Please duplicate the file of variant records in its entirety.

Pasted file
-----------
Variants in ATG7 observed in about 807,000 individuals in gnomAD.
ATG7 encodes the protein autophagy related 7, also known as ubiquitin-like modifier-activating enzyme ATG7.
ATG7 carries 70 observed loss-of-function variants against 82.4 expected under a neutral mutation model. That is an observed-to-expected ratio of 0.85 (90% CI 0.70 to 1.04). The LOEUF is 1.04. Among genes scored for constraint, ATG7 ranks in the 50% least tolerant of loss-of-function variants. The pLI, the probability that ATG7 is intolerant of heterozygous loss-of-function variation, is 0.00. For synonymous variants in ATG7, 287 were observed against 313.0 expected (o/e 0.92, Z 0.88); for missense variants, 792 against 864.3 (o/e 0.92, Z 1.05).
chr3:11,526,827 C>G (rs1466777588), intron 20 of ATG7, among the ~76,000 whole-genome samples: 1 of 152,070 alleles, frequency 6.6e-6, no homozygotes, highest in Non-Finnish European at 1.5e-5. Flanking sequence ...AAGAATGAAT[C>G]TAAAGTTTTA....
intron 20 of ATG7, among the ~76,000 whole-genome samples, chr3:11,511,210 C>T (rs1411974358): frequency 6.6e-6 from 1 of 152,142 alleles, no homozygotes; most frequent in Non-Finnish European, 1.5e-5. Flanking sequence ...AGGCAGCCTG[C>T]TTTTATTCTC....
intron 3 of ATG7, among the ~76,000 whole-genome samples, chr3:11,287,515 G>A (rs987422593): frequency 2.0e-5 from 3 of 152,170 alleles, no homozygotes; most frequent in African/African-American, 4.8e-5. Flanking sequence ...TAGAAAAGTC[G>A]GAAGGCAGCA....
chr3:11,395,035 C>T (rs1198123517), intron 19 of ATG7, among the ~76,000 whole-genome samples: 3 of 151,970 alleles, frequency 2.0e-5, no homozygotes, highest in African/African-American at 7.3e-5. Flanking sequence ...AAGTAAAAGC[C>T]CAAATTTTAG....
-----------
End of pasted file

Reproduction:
Variants in ATG7 observed in about 807,000 individuals in gnomAD.
ATG7 encodes the protein autophagy related 7, also known as ubiquitin-like modifier-activating enzyme ATG7.
ATG7 carries 70 observed loss-of-function variants against 82.4 expected under a neutral mutation model. That is an observed-to-expected ratio of 0.85 (90% CI 0.70 to 1.04). The LOEUF is 1.04. Among genes scored for constraint, ATG7 ranks in the 50% least tolerant of loss-of-function variants. The pLI, the probability that ATG7 is intolerant of heterozygous loss-of-function variation, is 0.00. For synonymous variants in ATG7, 287 were observed against 313.0 expected (o/e 0.92, Z 0.88); for missense variants, 792 against 864.3 (o/e 0.92, Z 1.05).
chr3:11,526,827 C>G (rs1466777588), intron 20 of ATG7, among the ~76,000 whole-genome samples: 1 of 152,070 alleles, frequency 6.6e-6, no homozygotes, highest in Non-Finnish European at 1.5e-5. Flanking sequence ...AAGAATGAAT[C>G]TAAAGTTTTA....
intron 20 of ATG7, among the ~76,000 whole-genome samples, chr3:11,511,210 C>T (rs1411974358): frequency 6.6e-6 from 1 of 152,142 alleles, no homozygotes; most frequent in Non-Finnish European, 1.5e-5. Flanking sequence ...AGGCAGCCTG[C>T]TTTTATTCTC....
intron 3 of ATG7, among the ~76,000 whole-genome samples, chr3:11,287,515 G>A (rs987422593): frequency 2.0e-5 from 3 of 152,170 alleles, no homozygotes; most frequent in African/African-American, 4.8e-5. Flanking sequence ...TAGAAAAGTC[G>A]GAAGGCAGCA....
chr3:11,395,035 C>T (rs1198123517), intron 19 of ATG7, among the ~76,000 whole-genome samples: 3 of 151,970 alleles, frequency 2.0e-5, no homozygotes, highest in African/African-American at 7.3e-5. Flanking sequence ...AAGTAAAAGC[C>T]CAAATTTTAG....